environment for people that are either lazy or have no idea what they
are doing (or just aren't very good), because they get to spend the day
screwing around doing what the clueless boss tells them.  That's safer
than them having to just do their job.  Anyone that's good at what they
do and care about it, will just want to get the job done properly and
as efficiently as possible.  Putting up with involvement is expected
and a good thing, but it can be too much and that probably explains why
they have to keep hiring one person, whom leaves or never is able to
finish what they were hired for (due to the micro-management factor),
and then go on to hire another person, and another.  It continues like
that until they run out of money and fold.

People like that need to hire someone they can trust to lead the
development on projects and tasks, else they are always doomed
(always).  If they refuse to listen to you, deal with it and look for
another job with someone else and leave when you have something else
lined up (or use that opportunity to get more aggressive about making
your point and not stress if they let you go, since you'd have the
other job).  There's no way to work in a situation like that if it's
gotten to the point where they are preventing you from performing the
job they hired you for.  This is quite common in a lot of technical
related fields, I'm sorry to say.   Good luck.
Tim Greer, CEO/Founder/CTO,, Inc.
Shared Hosting, Reseller Hosting, Dedicated & Semi-Dedicated servers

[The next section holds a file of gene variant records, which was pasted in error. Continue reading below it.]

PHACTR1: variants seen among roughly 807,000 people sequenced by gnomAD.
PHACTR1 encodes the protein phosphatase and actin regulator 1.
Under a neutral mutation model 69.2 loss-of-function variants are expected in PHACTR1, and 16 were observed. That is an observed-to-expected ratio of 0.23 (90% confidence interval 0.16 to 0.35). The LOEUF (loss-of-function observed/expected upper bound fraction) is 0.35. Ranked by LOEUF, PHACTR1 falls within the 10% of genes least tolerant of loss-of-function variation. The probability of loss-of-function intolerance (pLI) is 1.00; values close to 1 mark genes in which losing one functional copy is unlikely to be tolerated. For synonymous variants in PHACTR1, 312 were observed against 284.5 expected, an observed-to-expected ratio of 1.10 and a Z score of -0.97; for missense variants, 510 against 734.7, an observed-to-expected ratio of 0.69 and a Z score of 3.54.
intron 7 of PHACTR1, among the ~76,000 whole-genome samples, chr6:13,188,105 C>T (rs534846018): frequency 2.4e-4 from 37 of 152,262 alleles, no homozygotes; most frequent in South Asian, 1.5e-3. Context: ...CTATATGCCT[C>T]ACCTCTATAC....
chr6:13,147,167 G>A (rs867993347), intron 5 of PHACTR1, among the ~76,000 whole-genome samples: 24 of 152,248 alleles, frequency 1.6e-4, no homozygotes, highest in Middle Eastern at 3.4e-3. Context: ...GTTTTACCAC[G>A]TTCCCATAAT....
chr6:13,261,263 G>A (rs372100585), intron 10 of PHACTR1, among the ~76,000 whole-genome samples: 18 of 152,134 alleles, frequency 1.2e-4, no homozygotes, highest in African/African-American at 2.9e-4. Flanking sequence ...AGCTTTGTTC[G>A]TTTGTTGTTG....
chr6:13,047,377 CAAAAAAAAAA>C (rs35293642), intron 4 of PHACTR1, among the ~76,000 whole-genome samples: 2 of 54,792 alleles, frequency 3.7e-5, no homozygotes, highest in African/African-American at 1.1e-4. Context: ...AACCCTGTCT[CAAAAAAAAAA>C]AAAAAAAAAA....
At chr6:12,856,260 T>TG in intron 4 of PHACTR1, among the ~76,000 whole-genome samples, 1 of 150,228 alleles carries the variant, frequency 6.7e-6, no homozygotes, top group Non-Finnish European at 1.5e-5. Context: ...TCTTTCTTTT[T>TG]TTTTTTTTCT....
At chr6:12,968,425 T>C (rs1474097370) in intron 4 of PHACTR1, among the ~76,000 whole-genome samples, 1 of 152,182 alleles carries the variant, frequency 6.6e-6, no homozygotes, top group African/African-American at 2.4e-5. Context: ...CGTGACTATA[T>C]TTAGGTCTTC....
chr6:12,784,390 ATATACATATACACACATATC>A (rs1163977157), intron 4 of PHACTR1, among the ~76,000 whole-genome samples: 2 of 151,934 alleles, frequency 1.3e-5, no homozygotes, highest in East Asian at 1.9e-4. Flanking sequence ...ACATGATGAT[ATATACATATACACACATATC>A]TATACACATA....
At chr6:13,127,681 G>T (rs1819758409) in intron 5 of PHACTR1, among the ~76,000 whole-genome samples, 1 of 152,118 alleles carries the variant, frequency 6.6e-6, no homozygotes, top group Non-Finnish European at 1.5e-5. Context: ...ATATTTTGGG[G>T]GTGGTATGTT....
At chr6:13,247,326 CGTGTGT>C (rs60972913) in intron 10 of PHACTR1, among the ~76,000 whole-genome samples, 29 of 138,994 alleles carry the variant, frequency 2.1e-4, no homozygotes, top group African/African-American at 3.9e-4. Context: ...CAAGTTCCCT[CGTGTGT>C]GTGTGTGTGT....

and Custom Hosting.  24/7 support, 30 day guarantee, secure servers.
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Re: Dealing with people wrote:

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If you need the work you don't have much choice. He who pays the piper
calls the tune. Beggars can't be choosers, etc...

He may well value your advice, but managers like the one you describe
don't want to hear "can't." You have to either figure out a better way
to accomplish what they want and sell them on it or you have to do it
their way and hope for the best.


Re: Dealing with people

Red E. Kilowatt wrote:
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He's not saying "can't" though - he's saying "shouldn't".

Personally, I'd email him explaining the issues, and ask him 'Why are
you paying me so much money for my expertise if you aren't interested in
listening to what I'm saying?". It could backfire, but at least you'd
know where you stand.

But it sounds like it's just this guys way and he isn't going to change
any time soon, so it's either grin and bear it or leave.

Re: Dealing with people

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Any "Jedi mind trick" advice on how to "grin and bear it"? Like, can I click
my heels together or something? (would it help? :-) )

I considered alcohol, but I'm allergic to drugs and alcohol, so thats out..